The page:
This department is at present operated on a local or individual plan; that is, each mill has its own logging roads under separate management. In harmony with the improvements in other lines, however, the company has a great many changes in view which will tend to combine the individual into something like a general system. Surveyors are now at work staking out a line from Call to Camp Trotti, which will open up a line of communication from the Gulf, Beaumont & Kansas City junction to the Sabine river, a distance of nearly thirty miles. A part of this distance is now traversed by tram road. The line at Trotti extends ten miles in a northwesterly direction from the camp and there is now a good road bed for the greater part of the way. It is intended to connect the tram at Call with the Trotti road. Not only will this open up a large tract of timber lands that heretofore have been out of the reach of the separate mills but it will afford a means of communication and transportation for freight that will greatly reduce the high prices now paid (25 cents a hundred pounds) for hauling goods from the railroad to the camp. The country through which this line will pass is settled in a measure, and the additional facilities it will afford for transporting farming implements and supplies will tend to induce others to take up farms in that section. The main object, however, and the one for which the road is being constructed, is to enable the mill at Call to secure timber for cutting from the great stretch of forest lying to the east of that site, and in order to save the loss involved in sending logs by water from Trotti to the Orange mill, which amounts to 10 or 15 per cent in sunken and lost logs. The road will be a narrow gauge when completed, but the bed will be constructed with a view of widening it whenever desired and ties of a standard length will be used on the new part, which will enable the Kirby company to put in standard gauge tracks when desired.
It is also the intention of the company to connect Village with the lines of railroad centering in Silsbee. When this road shall be completed it will form a connecting link from Village to the Sabine river, a distance of seventy-five miles or more. The main object in building this is to avoid the charges made by the railroad in hauling loaded cars from points on the Gulf, Beaumont & Kansas City railway to Beaumont, where connection is made with the lines of roads centering there. In the shipment of a car of lumber destined for west or northwest Texas, it is necessary to pay freight both ways for a total distance aggregating 100 miles or more and this will be obviated when the road between the points mentioned shall have been constructed.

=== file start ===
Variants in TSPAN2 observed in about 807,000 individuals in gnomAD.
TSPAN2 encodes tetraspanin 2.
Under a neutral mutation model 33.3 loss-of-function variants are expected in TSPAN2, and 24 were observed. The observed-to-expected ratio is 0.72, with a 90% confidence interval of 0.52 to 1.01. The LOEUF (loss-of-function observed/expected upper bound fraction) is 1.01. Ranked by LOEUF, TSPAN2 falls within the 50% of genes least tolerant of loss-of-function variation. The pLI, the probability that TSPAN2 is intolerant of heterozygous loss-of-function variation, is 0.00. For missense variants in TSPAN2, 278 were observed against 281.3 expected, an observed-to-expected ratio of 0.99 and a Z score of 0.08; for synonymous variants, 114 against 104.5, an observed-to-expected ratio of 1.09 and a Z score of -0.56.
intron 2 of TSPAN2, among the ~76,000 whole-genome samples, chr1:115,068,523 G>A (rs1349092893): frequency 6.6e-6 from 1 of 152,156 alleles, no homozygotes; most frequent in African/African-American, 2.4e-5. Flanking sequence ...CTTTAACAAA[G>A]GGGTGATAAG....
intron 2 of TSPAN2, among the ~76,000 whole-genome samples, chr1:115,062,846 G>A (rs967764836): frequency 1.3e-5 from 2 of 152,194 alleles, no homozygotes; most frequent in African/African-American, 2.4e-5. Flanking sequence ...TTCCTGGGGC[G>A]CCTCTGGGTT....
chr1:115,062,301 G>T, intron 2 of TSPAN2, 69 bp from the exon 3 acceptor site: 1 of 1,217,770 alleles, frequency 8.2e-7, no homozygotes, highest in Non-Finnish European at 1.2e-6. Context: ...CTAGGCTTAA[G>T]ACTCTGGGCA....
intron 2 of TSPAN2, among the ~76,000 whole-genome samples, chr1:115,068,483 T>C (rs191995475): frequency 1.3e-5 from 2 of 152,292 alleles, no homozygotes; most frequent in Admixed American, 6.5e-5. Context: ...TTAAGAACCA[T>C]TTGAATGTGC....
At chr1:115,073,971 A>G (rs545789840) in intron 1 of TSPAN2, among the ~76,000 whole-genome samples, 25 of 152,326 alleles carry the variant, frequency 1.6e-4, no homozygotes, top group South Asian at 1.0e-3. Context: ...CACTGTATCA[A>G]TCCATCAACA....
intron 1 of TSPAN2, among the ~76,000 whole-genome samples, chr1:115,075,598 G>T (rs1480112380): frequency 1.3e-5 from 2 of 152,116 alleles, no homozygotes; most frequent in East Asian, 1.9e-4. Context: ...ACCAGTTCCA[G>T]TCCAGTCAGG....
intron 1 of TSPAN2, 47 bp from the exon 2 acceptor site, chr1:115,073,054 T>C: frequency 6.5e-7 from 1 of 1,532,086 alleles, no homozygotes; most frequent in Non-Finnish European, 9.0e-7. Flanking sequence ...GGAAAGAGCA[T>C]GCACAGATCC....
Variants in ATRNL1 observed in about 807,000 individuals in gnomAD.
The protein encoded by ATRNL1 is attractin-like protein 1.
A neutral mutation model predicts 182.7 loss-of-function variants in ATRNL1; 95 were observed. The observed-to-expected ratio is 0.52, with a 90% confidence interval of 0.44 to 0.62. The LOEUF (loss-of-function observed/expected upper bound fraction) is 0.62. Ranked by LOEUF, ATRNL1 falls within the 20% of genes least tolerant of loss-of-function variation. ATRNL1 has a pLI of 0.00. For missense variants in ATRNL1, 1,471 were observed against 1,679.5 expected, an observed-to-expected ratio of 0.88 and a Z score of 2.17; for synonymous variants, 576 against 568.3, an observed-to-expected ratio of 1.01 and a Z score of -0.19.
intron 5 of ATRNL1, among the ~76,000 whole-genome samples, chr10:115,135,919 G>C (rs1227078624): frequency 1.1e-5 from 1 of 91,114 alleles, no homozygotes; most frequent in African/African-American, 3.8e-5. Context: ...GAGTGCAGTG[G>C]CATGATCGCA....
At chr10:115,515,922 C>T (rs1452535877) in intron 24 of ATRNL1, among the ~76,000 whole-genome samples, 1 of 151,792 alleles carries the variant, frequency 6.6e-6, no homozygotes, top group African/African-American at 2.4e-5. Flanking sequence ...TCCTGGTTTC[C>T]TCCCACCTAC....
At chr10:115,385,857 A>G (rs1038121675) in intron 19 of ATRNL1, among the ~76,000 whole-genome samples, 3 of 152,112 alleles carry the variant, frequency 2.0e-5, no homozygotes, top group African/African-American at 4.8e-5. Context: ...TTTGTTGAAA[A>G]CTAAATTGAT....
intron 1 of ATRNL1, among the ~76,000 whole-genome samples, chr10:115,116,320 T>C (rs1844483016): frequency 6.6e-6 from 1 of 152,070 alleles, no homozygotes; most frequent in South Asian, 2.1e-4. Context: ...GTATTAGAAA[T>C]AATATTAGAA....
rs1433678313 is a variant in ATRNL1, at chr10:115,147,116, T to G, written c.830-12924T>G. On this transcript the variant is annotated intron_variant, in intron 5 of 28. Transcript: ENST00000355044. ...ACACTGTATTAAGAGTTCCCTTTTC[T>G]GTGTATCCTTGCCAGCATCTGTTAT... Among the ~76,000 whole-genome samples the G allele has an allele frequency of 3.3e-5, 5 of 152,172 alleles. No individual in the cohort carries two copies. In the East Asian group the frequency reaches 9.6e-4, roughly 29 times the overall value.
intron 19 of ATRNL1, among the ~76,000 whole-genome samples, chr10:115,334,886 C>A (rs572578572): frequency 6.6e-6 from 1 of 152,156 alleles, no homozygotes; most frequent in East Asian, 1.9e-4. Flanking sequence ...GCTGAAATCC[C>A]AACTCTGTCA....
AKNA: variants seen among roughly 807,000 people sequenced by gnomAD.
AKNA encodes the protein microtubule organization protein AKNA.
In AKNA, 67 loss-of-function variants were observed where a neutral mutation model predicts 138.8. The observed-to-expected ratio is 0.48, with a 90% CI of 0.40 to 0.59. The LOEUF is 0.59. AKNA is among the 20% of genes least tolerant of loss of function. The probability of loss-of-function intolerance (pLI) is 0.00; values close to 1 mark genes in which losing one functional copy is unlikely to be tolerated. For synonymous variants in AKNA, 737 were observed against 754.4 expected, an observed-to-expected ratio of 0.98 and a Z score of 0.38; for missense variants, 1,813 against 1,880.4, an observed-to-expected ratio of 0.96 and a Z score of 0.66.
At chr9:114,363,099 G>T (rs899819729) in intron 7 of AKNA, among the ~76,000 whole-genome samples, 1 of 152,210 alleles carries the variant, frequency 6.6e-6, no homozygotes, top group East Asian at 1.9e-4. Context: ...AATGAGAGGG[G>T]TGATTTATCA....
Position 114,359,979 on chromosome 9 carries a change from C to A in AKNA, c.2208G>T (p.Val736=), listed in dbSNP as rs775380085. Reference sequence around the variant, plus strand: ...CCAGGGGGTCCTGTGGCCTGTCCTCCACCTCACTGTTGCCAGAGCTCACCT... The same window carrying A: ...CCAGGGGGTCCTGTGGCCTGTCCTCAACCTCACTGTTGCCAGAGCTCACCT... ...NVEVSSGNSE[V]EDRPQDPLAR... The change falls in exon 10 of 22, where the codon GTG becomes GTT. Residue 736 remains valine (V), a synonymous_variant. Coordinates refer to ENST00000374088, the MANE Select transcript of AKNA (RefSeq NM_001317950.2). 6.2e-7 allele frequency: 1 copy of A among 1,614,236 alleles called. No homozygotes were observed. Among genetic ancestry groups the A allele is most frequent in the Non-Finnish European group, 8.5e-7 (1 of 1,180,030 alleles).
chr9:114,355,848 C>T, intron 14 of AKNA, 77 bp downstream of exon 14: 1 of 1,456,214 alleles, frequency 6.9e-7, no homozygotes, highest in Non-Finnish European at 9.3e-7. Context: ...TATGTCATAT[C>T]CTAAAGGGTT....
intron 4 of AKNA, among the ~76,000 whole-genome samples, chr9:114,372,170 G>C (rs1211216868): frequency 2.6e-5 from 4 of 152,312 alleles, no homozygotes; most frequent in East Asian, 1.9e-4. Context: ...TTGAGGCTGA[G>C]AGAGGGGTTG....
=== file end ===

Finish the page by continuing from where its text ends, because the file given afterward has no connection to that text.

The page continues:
The detailed operations at the different camps are much on the same basis. The company has at present thirteen logging camps, which cut on an average monthly about as follows:
Camp & Feet Cut
Buna (ships to Beaumont) -- 4,000,000
Trotti (logs Orange mill) -- 3,500,000
Bancroft, La. (logs Orange mill) -- 2,500,000
Kirbyville, Texas Tram (ships Beaumont) -- 2,000,000
Call (at present logging to Call mill) -- 2,000,000
Village (supplies home mill) -- 2,000,000
Silsbee -- 2,000,000
Ariola -- 1,500,000
Mobile -- 1,250,000
Woodville -- 500,000
Roganville -- 1,000,000
Fuqua -- 1,150,000
Lillard -- 1,000,000
Total, log scale -- 24,400,000
This gives a total of about 24,400,000 feet of logs cut each month, which are furnished the various mills and by them reduced to lumber.
The logging camps are operated under a distinct head and are given numbers instead of letters as in the case of the mills. The commissary department comes under a still different head and separate figures are used to designate the various stores. Each store and camp has a local manager and superintendent who is answerable to the general superintendent at a certain point; the latter in turn reports to the head of his department.
. . .
AT THE TROTTI CAMP.
Trotti is perhaps one of the most picturesque of the logging camps operated. The camp site proper is located two miles west of the Sabine river. At the time the selection of a location was made it marked the western terminus of the logging operations then owned by the Newton County Tram Company. Since that time, however, the men of the saw have cut their way ten miles to the northwest, leaving in their wake a tangled mass of tree tops, with here and there the base of a tree protruding and an occasional lone pine tree to mourn the departed greatness